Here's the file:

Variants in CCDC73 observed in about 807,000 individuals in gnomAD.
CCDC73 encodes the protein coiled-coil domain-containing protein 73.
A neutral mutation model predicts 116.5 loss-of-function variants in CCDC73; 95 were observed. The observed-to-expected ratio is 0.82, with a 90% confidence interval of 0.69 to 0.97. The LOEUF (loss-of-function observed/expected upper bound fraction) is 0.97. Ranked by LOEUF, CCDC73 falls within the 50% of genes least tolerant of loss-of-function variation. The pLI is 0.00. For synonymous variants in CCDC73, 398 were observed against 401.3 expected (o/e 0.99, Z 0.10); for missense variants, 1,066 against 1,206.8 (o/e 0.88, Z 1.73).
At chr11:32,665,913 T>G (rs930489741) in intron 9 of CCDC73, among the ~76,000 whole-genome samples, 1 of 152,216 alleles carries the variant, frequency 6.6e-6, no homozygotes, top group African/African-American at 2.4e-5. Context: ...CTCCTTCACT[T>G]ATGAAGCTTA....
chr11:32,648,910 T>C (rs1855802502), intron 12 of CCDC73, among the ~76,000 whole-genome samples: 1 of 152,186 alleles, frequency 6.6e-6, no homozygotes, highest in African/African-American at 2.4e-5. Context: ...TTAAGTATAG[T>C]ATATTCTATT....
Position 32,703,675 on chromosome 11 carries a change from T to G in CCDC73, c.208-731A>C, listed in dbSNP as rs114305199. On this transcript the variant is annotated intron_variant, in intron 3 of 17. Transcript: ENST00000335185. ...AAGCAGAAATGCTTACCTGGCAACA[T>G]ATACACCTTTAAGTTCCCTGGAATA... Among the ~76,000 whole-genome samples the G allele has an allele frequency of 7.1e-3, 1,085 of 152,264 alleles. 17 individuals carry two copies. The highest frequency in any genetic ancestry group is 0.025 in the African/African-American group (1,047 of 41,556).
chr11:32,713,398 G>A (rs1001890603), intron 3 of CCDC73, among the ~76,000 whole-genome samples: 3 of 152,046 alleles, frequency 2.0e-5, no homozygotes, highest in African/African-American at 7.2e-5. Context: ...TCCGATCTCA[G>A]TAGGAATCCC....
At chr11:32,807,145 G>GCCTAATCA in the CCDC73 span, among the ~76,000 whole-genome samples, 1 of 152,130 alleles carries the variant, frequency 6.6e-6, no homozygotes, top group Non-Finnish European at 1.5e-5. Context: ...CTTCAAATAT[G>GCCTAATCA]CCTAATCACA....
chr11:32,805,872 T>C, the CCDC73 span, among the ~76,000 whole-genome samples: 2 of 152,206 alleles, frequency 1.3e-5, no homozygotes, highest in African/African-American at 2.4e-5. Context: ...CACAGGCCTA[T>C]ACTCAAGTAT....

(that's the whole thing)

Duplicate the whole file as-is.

Variants in CCDC73 observed in about 807,000 individuals in gnomAD.
CCDC73 encodes the protein coiled-coil domain-containing protein 73.
A neutral mutation model predicts 116.5 loss-of-function variants in CCDC73; 95 were observed. The observed-to-expected ratio is 0.82, with a 90% confidence interval of 0.69 to 0.97. The LOEUF (loss-of-function observed/expected upper bound fraction) is 0.97. Ranked by LOEUF, CCDC73 falls within the 50% of genes least tolerant of loss-of-function variation. The pLI is 0.00. For synonymous variants in CCDC73, 398 were observed against 401.3 expected (o/e 0.99, Z 0.10); for missense variants, 1,066 against 1,206.8 (o/e 0.88, Z 1.73).
At chr11:32,665,913 T>G (rs930489741) in intron 9 of CCDC73, among the ~76,000 whole-genome samples, 1 of 152,216 alleles carries the variant, frequency 6.6e-6, no homozygotes, top group African/African-American at 2.4e-5. Context: ...CTCCTTCACT[T>G]ATGAAGCTTA....
chr11:32,648,910 T>C (rs1855802502), intron 12 of CCDC73, among the ~76,000 whole-genome samples: 1 of 152,186 alleles, frequency 6.6e-6, no homozygotes, highest in African/African-American at 2.4e-5. Context: ...TTAAGTATAG[T>C]ATATTCTATT....
Position 32,703,675 on chromosome 11 carries a change from T to G in CCDC73, c.208-731A>C, listed in dbSNP as rs114305199. On this transcript the variant is annotated intron_variant, in intron 3 of 17. Transcript: ENST00000335185. ...AAGCAGAAATGCTTACCTGGCAACA[T>G]ATACACCTTTAAGTTCCCTGGAATA... Among the ~76,000 whole-genome samples the G allele has an allele frequency of 7.1e-3, 1,085 of 152,264 alleles. 17 individuals carry two copies. The highest frequency in any genetic ancestry group is 0.025 in the African/African-American group (1,047 of 41,556).
chr11:32,713,398 G>A (rs1001890603), intron 3 of CCDC73, among the ~76,000 whole-genome samples: 3 of 152,046 alleles, frequency 2.0e-5, no homozygotes, highest in African/African-American at 7.2e-5. Context: ...TCCGATCTCA[G>A]TAGGAATCCC....
At chr11:32,807,145 G>GCCTAATCA in the CCDC73 span, among the ~76,000 whole-genome samples, 1 of 152,130 alleles carries the variant, frequency 6.6e-6, no homozygotes, top group Non-Finnish European at 1.5e-5. Context: ...CTTCAAATAT[G>GCCTAATCA]CCTAATCACA....
chr11:32,805,872 T>C, the CCDC73 span, among the ~76,000 whole-genome samples: 2 of 152,206 alleles, frequency 1.3e-5, no homozygotes, highest in African/African-American at 2.4e-5. Context: ...CACAGGCCTA[T>C]ACTCAAGTAT....